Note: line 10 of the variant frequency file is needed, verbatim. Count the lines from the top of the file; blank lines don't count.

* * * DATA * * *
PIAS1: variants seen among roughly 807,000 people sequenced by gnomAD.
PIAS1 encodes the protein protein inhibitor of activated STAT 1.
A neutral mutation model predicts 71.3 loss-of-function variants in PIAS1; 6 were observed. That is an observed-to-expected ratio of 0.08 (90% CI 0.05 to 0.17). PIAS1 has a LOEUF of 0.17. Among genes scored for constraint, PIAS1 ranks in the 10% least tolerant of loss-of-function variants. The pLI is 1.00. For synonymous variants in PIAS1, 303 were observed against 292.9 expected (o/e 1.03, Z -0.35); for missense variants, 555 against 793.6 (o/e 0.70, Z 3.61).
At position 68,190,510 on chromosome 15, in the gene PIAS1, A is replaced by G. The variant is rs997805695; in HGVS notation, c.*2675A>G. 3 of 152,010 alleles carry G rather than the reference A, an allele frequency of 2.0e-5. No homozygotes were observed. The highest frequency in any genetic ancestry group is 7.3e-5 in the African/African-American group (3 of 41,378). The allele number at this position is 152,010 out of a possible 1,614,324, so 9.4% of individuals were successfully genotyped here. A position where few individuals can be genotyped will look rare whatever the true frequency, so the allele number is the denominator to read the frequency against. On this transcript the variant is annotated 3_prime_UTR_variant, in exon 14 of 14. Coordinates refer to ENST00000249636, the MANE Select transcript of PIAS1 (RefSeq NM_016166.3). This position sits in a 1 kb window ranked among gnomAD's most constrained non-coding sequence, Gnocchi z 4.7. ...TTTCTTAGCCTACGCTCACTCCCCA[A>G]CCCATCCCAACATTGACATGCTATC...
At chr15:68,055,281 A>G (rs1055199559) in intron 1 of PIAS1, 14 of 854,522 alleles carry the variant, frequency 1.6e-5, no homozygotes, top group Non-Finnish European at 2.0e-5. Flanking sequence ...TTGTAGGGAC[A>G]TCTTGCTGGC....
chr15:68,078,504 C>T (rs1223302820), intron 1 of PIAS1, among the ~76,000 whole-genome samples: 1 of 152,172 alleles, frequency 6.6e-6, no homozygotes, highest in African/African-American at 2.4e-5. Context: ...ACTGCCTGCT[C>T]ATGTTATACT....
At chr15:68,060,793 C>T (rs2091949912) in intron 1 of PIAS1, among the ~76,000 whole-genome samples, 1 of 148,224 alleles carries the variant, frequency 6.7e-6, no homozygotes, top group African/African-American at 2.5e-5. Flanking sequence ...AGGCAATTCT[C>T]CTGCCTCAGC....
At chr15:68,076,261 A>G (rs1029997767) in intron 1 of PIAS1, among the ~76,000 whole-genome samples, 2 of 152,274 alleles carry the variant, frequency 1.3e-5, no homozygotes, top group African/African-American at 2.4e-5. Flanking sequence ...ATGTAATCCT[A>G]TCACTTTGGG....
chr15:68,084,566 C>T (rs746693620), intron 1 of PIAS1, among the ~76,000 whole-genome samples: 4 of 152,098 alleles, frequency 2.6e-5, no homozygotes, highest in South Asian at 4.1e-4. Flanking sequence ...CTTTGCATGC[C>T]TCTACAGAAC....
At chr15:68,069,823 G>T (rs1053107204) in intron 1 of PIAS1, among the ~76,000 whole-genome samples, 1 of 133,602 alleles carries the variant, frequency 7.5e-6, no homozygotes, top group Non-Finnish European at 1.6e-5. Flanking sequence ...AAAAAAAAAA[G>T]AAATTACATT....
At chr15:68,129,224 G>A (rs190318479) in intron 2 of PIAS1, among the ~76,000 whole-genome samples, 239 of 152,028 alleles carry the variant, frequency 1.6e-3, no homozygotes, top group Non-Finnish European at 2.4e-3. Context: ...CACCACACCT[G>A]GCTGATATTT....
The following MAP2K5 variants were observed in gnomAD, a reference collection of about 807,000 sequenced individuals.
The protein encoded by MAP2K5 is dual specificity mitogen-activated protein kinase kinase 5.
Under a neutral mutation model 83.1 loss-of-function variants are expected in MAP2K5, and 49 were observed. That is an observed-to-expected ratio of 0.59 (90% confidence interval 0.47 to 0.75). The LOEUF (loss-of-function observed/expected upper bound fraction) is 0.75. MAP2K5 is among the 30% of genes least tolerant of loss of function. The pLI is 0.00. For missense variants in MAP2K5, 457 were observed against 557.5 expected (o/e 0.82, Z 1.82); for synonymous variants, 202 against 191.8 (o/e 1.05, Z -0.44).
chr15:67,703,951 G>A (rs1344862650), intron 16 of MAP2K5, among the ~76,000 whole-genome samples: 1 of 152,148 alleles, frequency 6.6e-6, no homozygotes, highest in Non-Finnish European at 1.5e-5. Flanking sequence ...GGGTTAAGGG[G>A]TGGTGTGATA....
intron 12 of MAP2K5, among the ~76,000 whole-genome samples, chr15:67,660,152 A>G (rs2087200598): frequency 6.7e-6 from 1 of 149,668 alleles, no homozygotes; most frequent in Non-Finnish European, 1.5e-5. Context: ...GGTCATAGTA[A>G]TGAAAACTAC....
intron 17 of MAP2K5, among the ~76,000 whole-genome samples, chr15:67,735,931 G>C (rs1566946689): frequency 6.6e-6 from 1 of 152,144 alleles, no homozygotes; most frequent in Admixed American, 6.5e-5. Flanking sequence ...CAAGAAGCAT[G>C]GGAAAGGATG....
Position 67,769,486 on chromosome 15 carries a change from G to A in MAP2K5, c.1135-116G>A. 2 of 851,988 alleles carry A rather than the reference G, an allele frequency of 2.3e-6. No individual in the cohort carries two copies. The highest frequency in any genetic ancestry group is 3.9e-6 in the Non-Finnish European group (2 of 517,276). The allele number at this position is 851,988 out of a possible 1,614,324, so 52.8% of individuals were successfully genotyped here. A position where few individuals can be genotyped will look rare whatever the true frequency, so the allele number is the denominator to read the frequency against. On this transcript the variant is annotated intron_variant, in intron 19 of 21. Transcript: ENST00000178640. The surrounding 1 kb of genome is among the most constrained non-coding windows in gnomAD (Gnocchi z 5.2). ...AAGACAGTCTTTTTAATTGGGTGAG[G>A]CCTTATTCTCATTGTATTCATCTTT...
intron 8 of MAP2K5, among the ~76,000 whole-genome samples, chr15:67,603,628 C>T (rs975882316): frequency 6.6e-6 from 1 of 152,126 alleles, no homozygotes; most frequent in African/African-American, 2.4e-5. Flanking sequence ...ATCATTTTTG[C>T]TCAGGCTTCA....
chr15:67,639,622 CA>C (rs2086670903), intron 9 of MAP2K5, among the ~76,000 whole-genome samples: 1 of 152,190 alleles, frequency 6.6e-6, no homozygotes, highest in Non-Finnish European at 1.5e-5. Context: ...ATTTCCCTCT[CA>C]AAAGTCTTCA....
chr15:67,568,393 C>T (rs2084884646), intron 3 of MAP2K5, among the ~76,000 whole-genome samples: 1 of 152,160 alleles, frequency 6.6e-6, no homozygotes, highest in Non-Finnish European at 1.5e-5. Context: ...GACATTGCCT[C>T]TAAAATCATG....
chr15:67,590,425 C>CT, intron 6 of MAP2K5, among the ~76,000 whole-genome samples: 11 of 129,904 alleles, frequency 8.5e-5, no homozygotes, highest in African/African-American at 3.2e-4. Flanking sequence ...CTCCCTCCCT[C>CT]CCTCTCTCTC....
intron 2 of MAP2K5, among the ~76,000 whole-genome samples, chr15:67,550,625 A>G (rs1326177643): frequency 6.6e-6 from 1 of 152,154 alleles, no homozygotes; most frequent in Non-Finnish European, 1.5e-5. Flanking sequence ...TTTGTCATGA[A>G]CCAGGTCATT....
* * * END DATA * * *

At chr15:68,069,823 G>T (rs1053107204) in intron 1 of PIAS1, among the ~76,000 whole-genome samples, 1 of 133,602 alleles carries the variant, frequency 7.5e-6, no homozygotes, top group Non-Finnish European at 1.6e-5. Flanking sequence ...AAAAAAAAAA[G>T]AAATTACATT....